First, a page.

Thursday, June 30, 2011

Color Names

This morning I read a fascinating New York Times article titled, "We Call It Brown. They Call it 'Weekend in the Country.'" As the granddaughter, daughter, sister, and aunt of paint manufacturers, I'll read just about anything about pigment and coatings.

A Valspar color specialist is quoted as saying, "We're exploring color names that are a representation of your lifestyle." Or perhaps the kind of lifestyle she and other color specialists think
I (I am the you, after all) live. (Imagine: the J. Peterman of wishful paint thinking.)

What are some of the names? "Sherwin-Williams offers Synergy! From Ace Paint comes Hey There! Benjamin Moore has Old World Romance, all names that give new meaning to the term colorblind." Uh huh. Quick! Name the color family!


Can you imagine thumbing through Benjamin Moore's fan deck of 3,300 colors? How is that deck organized anyway? By mood? By fantasy? By catastrophe? ("Pantone offers Tubulence and Tornado.") And just how much does it weigh?


Why don't we all get to choose a color and then name it for ourselves? My father did that once for his company's tones: St. Luke's Red.


I think I'll try it myself. Here's a lovely little wildflower that grows by a wooden bridge at Lake Cheston. Look at it first and think to yourself,
What would I call this color? I'll give you a minute (indicated by the blank space after the picture of the Virginia Meadow Beauty).










Well? What did you name it?


For me, it is now and forever this: My Niece's Cheeks After She Walked along the Bottom of a Swimming Pool.

Wednesday, June 29, 2011

Where Insects Abound

Mary and Lydia grow flowers and edibles at The Community Gardens, and because of them I have always have something worth snapping. Thanks, friends, for the lively studio!

Tuesday, June 28, 2011

It's a Teeny-Weeny Circus Out There!

Climbers!

Aerialists!

Flyers!

Creepy creatures!

Hoppers!

Wire walkers!


Free admission!

Come on down to Mikell Lane!


Monday, June 27, 2011

The Bird That Hit My Side Mirror

realized almost too late
I was approaching,
caromed onto pavement,
flopped, flipped up,
flapped off into grass.
No stopping
on the triple s-curving
road between fields.
I saw the hit-and-fly
bird only briefly
in the mirror,
but his reflection
flickered all day.
I hope he flies.

Sunday, June 26, 2011

Buggin' It

As they approached me on Lake Cheston's dam, Tam called out, "Buggin' it?"

"Yep," I said. "As always."

I pointed out a few dragonflies, and we chatted briefly, promising to get
together for a bug walk.

Before they moved on with their dogs, Tam said, "Are you still
publishing these?"

"I'm still blogging every day," I said. "Mostly only bugs now."


"Send me the link," she said, and Sarah said, "Send it to me, too!"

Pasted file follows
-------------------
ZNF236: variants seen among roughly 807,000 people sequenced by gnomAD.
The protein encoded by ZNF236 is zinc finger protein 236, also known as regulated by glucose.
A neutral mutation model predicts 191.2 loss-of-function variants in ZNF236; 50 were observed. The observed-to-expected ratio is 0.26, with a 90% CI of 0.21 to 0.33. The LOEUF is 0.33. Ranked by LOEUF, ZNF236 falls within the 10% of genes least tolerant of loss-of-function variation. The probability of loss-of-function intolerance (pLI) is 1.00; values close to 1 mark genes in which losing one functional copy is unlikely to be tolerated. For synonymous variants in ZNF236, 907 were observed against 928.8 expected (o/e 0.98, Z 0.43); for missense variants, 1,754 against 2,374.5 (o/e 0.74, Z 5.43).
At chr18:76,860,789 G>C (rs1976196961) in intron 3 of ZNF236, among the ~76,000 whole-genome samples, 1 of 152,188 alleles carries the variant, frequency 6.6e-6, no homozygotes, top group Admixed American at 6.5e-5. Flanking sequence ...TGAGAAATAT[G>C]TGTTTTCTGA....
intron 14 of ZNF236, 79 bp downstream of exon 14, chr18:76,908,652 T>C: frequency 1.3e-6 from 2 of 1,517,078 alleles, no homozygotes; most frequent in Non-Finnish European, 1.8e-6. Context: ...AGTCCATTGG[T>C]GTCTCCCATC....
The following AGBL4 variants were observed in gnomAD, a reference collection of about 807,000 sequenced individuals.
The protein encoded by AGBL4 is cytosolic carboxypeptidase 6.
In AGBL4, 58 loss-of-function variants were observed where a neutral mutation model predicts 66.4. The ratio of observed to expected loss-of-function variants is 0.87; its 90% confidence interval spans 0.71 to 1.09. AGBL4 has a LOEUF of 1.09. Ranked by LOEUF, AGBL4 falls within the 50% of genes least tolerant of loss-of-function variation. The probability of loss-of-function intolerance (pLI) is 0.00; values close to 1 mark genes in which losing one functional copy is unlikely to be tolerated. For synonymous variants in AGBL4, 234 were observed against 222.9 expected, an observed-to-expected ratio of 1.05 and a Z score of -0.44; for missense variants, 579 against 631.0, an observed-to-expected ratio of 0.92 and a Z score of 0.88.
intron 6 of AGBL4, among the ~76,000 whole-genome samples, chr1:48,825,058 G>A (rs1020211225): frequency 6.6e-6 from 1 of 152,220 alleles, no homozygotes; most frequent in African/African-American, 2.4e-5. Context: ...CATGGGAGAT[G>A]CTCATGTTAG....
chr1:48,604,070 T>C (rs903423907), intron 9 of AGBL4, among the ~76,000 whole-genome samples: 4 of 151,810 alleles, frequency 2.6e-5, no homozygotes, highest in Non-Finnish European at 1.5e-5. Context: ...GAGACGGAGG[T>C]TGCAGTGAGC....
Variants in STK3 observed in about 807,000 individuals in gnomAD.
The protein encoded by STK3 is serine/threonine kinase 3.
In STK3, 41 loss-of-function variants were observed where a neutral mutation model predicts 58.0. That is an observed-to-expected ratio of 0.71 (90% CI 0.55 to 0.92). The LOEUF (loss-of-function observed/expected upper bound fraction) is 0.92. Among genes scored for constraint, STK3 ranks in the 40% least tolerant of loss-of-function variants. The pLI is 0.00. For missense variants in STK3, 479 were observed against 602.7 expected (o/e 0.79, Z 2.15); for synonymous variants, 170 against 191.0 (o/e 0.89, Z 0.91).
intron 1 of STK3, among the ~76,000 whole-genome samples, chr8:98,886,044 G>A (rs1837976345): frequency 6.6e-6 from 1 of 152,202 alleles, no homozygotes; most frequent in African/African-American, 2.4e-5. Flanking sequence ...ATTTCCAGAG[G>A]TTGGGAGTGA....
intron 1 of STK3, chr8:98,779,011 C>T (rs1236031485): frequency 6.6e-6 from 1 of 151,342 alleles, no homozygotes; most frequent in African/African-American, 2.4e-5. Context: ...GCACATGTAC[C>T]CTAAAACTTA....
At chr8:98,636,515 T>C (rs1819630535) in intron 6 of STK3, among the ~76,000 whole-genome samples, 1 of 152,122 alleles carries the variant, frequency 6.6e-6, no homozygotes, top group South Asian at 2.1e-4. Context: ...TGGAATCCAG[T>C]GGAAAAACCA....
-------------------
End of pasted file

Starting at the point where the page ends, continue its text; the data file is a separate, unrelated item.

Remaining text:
Tam and Sarah, this is for you.

Today's Top 10 + 1 List:

1. Female Pondhawk at Lake Cheston
2. Eastern Amberwing at Lake Cheston
3. Eastern Meadowhawk on Breakfield Road
4. American Snout at the Community Gardens
5. Spider Snagging a Turquoise Bluet at Lake Cheston
6. Turquoise Bluets Mating at Lake Cheston
7. Spangled Skimmers Mating at Lake Cheston
8. Thick-headed Fly at the Community Gardens
9. Calico Pennants Mating at Lake Cheston
10. Ladybug on Cone Flower at the Community Gardens
11. Female Pondhawk Eating Bumblebee at My Own Dadgum House!

Saturday, June 25, 2011

Face to Face

Note to self: bug-hunt in early morning, when sun warms wings.

That's the best time for face-to-face encounters.

Friday, June 24, 2011

Flying Lagniappes

I snapped, and the long-legged fly disappeared.

I snapped and captured the long-legged fly.

I snapped, and the long-legged fly disappeared.

Over and over again, we played now-you-see-me-now-you-don't.

Only when I got home did I notice the flying lagniappes. Gotcha!

Thursday, June 23, 2011

A Little Light

1. 11 AM: I read that a previously unknown Caravaggio painting will be shown this September at The National Gallery of Canada. It doesn't look Caravaggio-esque to me, but my art historian brother says the authenticator is reputable and the painting possible. 2. 4:50 PM: I photograph a lightning bug, perched at the tip of leaf overlooking orange and red lilies, apparently grooming the luminous end of his abdomen with his last set of legs. 3. 5:30 PM: I search the Internet for an explanation of what I have seen and come upon a startling theory. According to Roberta Lapucci, a teacher at Florence's Studio Art Centers International, Caravaggio, the painter of strong directional light and shadow, may "have used a photoluminescent powder from crushed fireflies, which was used at the time to create special effects in theatre productions."